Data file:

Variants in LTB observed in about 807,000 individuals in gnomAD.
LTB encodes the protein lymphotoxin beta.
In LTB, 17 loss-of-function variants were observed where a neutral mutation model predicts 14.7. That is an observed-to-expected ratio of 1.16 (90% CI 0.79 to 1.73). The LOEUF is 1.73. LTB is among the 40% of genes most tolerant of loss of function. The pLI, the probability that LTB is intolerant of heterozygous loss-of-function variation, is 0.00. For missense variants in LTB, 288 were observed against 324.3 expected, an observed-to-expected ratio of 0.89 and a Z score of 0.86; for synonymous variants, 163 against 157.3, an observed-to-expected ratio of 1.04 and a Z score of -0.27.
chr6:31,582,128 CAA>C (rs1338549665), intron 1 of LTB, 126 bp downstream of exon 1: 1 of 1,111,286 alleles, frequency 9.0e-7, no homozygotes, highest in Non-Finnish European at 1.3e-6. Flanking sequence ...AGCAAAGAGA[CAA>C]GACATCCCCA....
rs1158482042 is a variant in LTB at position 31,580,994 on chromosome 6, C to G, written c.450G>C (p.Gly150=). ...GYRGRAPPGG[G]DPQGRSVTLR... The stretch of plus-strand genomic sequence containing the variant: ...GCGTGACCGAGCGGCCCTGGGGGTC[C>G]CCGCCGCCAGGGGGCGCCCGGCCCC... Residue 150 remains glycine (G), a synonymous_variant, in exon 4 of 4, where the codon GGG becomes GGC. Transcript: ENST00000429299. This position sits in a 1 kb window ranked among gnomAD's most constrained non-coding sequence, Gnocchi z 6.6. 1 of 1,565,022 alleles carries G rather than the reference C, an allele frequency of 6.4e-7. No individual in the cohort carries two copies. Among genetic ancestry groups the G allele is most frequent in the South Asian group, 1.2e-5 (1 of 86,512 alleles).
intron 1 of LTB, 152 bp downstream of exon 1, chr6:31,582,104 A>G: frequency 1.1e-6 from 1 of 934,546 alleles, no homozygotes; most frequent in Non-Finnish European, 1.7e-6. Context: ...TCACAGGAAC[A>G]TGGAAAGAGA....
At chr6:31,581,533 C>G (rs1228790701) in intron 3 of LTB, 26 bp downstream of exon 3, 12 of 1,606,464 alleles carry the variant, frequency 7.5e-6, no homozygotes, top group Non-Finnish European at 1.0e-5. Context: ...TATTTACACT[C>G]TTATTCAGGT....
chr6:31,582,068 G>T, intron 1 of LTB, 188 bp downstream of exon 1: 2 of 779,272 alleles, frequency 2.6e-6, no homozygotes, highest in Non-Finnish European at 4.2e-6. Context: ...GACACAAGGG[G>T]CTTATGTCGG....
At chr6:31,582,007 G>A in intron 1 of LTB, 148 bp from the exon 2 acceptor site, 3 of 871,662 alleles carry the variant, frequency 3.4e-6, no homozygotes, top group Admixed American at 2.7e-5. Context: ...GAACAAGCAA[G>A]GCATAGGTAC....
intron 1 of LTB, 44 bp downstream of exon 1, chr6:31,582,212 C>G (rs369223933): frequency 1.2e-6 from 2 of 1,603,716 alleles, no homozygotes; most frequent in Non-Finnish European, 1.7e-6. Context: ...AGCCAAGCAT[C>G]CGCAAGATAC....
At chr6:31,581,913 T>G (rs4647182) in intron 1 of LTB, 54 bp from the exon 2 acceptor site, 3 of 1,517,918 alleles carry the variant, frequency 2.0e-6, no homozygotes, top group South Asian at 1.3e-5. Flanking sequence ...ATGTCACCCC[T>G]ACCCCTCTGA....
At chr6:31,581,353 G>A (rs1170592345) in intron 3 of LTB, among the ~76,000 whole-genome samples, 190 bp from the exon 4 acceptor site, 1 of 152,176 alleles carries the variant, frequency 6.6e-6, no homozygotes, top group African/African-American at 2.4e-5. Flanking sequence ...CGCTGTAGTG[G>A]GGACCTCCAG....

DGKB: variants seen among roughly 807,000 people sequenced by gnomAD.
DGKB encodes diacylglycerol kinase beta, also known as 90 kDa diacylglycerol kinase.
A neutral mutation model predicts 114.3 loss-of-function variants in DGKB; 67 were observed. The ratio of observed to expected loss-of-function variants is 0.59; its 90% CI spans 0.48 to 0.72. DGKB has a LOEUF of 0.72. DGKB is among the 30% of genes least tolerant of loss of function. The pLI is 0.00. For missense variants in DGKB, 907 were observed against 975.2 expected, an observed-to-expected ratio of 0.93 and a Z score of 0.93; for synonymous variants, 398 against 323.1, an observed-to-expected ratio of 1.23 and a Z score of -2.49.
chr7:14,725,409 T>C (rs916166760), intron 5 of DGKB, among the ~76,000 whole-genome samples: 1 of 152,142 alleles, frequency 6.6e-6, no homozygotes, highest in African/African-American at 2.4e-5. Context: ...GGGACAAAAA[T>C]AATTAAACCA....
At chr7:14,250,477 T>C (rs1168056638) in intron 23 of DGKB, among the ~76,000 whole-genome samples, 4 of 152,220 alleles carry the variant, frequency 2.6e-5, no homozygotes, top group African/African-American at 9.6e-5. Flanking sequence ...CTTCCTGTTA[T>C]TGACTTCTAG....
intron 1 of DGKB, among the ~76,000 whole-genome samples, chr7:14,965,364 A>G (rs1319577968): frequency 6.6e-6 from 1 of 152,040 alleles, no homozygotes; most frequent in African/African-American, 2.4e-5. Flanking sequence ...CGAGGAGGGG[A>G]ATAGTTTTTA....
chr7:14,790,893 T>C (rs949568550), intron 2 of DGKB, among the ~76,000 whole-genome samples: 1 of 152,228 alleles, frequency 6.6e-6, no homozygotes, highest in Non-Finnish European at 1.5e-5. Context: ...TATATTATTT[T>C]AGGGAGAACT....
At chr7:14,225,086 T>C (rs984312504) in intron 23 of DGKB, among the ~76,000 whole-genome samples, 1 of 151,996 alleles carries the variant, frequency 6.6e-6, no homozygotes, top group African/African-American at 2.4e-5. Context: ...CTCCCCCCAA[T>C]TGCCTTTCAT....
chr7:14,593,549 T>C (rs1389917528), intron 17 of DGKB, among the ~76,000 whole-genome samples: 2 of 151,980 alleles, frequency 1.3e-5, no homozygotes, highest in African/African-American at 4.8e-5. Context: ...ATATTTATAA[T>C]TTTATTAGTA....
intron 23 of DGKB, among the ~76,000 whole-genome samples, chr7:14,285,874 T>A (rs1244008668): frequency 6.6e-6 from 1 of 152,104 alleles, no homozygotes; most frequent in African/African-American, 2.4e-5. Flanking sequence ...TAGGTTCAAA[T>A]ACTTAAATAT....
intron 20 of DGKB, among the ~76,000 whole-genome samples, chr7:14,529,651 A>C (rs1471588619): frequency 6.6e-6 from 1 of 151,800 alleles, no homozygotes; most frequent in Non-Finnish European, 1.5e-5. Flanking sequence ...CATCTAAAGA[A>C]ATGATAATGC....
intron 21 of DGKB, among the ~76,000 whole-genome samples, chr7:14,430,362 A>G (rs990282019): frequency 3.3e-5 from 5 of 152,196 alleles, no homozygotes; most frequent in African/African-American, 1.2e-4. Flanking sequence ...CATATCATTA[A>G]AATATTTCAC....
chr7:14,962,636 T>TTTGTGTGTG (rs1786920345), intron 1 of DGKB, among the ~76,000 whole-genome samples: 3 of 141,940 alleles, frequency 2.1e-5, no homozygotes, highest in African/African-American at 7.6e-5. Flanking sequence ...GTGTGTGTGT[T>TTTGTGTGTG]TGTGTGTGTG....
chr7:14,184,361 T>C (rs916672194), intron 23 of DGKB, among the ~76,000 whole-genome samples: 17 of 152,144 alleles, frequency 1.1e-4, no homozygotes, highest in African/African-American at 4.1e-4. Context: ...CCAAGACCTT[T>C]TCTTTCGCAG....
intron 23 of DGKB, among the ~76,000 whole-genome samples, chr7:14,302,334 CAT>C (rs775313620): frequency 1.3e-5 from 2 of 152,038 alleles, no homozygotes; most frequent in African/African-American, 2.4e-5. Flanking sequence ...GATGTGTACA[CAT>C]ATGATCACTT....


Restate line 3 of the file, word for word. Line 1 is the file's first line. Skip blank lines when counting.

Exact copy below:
In LTB, 17 loss-of-function variants were observed where a neutral mutation model predicts 14.7. That is an observed-to-expected ratio of 1.16 (90% CI 0.79 to 1.73). The LOEUF is 1.73. LTB is among the 40% of genes most tolerant of loss of function. The pLI, the probability that LTB is intolerant of heterozygous loss-of-function variation, is 0.00. For missense variants in LTB, 288 were observed against 324.3 expected, an observed-to-expected ratio of 0.89 and a Z score of 0.86; for synonymous variants, 163 against 157.3, an observed-to-expected ratio of 1.04 and a Z score of -0.27.